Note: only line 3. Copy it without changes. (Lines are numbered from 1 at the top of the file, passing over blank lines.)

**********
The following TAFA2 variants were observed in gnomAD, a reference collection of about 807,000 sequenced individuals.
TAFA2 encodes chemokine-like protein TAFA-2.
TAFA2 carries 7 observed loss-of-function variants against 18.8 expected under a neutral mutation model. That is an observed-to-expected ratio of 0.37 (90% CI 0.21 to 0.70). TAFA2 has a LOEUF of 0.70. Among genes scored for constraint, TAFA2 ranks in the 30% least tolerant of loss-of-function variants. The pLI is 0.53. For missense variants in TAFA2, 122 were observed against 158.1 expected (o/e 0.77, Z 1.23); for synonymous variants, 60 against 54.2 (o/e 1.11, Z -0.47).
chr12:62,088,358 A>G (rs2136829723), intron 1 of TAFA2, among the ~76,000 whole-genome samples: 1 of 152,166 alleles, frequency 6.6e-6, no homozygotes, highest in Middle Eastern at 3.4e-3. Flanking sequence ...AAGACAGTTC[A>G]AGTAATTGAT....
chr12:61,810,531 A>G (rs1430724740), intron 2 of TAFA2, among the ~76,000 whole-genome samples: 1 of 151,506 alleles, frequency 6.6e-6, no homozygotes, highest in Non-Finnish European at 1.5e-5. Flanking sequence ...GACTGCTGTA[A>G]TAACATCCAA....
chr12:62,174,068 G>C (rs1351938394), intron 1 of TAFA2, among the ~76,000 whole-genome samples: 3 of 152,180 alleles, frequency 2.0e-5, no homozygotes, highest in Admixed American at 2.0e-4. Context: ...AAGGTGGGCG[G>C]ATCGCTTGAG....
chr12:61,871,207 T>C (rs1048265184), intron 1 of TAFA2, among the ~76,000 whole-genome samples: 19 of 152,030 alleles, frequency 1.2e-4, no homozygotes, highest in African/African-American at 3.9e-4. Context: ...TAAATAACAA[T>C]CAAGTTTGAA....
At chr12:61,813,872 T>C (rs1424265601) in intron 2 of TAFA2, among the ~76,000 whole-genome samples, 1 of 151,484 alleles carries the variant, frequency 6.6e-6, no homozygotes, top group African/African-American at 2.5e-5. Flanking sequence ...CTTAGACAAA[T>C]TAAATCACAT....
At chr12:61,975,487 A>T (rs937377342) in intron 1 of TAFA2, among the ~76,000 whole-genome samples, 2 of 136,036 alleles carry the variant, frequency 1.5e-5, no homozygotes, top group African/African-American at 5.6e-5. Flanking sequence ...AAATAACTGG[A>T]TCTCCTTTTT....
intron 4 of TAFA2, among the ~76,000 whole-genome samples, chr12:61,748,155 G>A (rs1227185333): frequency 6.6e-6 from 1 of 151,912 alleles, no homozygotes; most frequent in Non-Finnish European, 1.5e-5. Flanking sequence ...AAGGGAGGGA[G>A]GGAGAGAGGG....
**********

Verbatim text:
TAFA2 carries 7 observed loss-of-function variants against 18.8 expected under a neutral mutation model. That is an observed-to-expected ratio of 0.37 (90% CI 0.21 to 0.70). TAFA2 has a LOEUF of 0.70. Among genes scored for constraint, TAFA2 ranks in the 30% least tolerant of loss-of-function variants. The pLI is 0.53. For missense variants in TAFA2, 122 were observed against 158.1 expected (o/e 0.77, Z 1.23); for synonymous variants, 60 against 54.2 (o/e 1.11, Z -0.47).